When I was nineteen four important things happened. After working in London for a year I started college*. I met and fell in love with a man* a year or so older than me who'd come to London from New York to work for an Anglo-American band I followed. He was clearly interested in me and filled all my waking and sleeping thoughts. I was not capable of processing these feelings as love, but it was too late anyway, I'd married* my best friend. Around this time I also discovered cottages*. I couldn't keep away, but was determined never to go back after every single encounter. I couldn't explain it and learned to begin to put all the bits of my life that wouldn't fit together into different boxes in my head. The next few years were a mess. I got through college and took my first job in a school. We moved away from family with a family of very young children of our own. By the time I was twenty-five I was trying to make ends meet in my draining, but poorly-paid job, be a dutiful husband and a good father to my beautiful kids and fulfil a number of exceedingly onerous duties as an elder in the church. I was failing in all those roles, sinking deeper into depression, lost my faith in a dramatic realisation and went out to commit suicide. I even failed at that.

So, in answer to Andy's question, while I had known for most of my life at some unconscious level, it took me until I was nearly forty to come out to myself and start to process what that was going to mean for me and my loved ones. That was when I finally acknowledged I was probably not going to grow out of being interested in men - slow learner - and my mental wellbeing took another dip (although the low periods had never completely lifted). I struggled on thinking this is what everyone copes with until so many of my friends and colleagues were telling me I needed to get help that I decided to go through the motions to shut them up. That was when depression was finally formally diagnosed and I began to receive treatment including what became a total of four years in counselling.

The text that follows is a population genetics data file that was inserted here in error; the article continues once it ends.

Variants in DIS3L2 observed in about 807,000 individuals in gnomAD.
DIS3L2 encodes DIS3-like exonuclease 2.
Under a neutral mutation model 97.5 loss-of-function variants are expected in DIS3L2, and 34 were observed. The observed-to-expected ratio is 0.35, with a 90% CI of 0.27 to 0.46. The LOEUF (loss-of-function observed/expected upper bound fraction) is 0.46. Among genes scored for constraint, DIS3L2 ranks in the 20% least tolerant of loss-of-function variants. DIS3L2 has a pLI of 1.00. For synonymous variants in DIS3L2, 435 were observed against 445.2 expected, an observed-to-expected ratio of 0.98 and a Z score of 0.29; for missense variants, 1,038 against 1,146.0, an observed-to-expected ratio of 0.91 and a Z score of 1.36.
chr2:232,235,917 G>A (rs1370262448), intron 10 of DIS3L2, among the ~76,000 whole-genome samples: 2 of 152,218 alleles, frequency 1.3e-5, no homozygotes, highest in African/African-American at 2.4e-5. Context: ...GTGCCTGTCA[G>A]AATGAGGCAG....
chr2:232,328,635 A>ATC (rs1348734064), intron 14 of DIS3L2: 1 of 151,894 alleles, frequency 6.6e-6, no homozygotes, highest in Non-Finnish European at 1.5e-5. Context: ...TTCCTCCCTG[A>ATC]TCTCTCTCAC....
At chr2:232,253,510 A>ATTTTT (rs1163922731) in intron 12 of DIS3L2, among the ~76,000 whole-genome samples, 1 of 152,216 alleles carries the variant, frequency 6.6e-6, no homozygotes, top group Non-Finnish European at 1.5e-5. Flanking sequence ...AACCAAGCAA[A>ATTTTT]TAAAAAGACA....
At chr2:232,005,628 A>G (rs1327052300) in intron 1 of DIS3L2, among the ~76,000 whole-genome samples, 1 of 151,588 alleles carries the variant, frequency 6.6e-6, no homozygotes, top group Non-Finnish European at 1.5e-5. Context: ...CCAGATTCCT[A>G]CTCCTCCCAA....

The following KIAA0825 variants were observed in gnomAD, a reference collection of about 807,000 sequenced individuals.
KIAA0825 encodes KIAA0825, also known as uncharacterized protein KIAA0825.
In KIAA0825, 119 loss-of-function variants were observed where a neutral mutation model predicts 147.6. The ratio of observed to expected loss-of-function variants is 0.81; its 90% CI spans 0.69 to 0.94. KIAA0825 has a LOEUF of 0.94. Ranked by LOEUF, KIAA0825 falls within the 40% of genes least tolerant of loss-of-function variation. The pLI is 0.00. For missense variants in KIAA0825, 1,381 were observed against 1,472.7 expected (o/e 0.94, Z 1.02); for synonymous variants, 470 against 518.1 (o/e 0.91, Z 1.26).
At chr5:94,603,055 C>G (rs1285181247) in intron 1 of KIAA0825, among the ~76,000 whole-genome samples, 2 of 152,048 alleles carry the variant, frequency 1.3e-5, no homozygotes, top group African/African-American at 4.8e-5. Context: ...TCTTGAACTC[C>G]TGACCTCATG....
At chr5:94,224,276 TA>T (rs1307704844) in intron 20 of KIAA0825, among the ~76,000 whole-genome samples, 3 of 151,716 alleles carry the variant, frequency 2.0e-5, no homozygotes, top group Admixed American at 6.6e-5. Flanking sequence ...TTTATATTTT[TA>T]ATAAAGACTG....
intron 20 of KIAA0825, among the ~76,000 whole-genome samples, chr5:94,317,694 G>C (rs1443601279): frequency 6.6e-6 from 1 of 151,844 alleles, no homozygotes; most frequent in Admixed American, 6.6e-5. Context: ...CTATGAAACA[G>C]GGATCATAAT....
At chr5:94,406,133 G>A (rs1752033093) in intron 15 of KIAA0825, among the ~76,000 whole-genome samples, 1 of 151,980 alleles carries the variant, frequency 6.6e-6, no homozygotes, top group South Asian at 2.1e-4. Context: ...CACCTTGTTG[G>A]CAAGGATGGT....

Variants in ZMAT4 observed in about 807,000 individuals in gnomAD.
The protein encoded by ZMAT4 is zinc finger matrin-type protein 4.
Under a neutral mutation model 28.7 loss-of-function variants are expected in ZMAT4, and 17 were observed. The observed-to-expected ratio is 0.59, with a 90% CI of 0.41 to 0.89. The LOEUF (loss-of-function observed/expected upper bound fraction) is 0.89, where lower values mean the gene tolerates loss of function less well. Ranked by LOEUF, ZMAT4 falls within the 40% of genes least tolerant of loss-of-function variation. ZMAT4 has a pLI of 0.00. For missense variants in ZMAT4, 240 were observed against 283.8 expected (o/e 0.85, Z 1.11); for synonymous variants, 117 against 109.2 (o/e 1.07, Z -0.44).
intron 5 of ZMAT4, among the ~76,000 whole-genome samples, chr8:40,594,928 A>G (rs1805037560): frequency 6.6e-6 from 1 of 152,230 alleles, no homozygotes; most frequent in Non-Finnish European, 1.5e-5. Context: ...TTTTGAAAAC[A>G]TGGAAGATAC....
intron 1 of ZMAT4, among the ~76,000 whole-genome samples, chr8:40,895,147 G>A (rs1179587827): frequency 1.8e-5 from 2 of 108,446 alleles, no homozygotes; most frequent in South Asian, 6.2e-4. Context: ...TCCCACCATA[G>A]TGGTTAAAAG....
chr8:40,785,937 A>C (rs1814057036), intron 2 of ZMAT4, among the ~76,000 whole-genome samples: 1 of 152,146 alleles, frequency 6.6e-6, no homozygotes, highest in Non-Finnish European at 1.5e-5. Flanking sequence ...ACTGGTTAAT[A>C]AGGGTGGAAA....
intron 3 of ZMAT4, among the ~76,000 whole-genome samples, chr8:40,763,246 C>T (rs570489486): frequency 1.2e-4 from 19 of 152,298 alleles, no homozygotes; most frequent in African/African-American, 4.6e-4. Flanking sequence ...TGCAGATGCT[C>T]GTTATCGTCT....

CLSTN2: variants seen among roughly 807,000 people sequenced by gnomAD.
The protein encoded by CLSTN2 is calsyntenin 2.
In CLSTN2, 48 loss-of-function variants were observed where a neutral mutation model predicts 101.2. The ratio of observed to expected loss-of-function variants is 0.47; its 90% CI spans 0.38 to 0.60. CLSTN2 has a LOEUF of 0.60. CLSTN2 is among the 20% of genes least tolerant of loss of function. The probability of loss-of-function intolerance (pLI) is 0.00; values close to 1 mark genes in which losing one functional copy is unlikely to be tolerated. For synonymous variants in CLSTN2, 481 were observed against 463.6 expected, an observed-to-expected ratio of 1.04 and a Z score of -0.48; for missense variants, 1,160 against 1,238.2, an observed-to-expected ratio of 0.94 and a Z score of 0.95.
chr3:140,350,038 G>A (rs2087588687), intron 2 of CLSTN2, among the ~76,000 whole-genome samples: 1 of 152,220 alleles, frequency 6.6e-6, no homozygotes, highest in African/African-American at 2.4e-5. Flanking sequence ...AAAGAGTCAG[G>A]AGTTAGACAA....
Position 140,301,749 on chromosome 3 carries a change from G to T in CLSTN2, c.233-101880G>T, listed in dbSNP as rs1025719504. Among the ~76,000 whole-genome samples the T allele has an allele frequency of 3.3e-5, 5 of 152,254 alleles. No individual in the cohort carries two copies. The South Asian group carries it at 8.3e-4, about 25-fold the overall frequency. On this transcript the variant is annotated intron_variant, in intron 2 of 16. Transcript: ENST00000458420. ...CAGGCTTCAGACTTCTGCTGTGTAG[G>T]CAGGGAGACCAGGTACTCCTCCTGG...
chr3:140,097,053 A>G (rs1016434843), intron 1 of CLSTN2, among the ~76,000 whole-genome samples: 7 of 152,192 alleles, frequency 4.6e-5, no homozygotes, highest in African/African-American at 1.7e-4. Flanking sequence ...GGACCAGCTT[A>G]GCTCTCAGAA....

Very early on I had come to think to myself that my engagement and marriage were best described as a state of warfare interspersed with occasional periods of truce. During the engagement, older, married friends explained that betrothals were always tense and that life would improve once we'd tied the knot. When we were visiting my parents would walk out of the room rather than have to listen to the way she spoke to me. I convinced myself the truces made it all worthwhile and it would all get better. I would do better. It was a shock when my counsellor first used the word "abuse" to describe what I was experiencing. That sort of thing happened to other people not to men and certainly not to me ... but sadly he was right. It took a further five years, but getting to the stage of knowing I was not going to survive another year (I'd make sure I got it right this time) I finally found the courage to leave the home and my wife finally began divorce proceedings. All her church friends and family surrounded her with love and support and church friends I'd known since childhood immediately cut off all contact.

I wasn't looking to fall straight into another relationship. I wanted to have some "teenage" years that I'd missed out on before I started looking for someone special again. However, we don't always get what we think we want. Meeting PA online and growing into our relationship over the past eighteen years has been just the best experience. I wish I had known then what I know now. I would not have hurt so many people. However, until the lockdown experience of this year I can honestly say that my life has never been happier. I wish my mother had lived long enough to know I could be happy.
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#2
I came out at a New Year's Eve party about 2 weeks before my 28th birthday.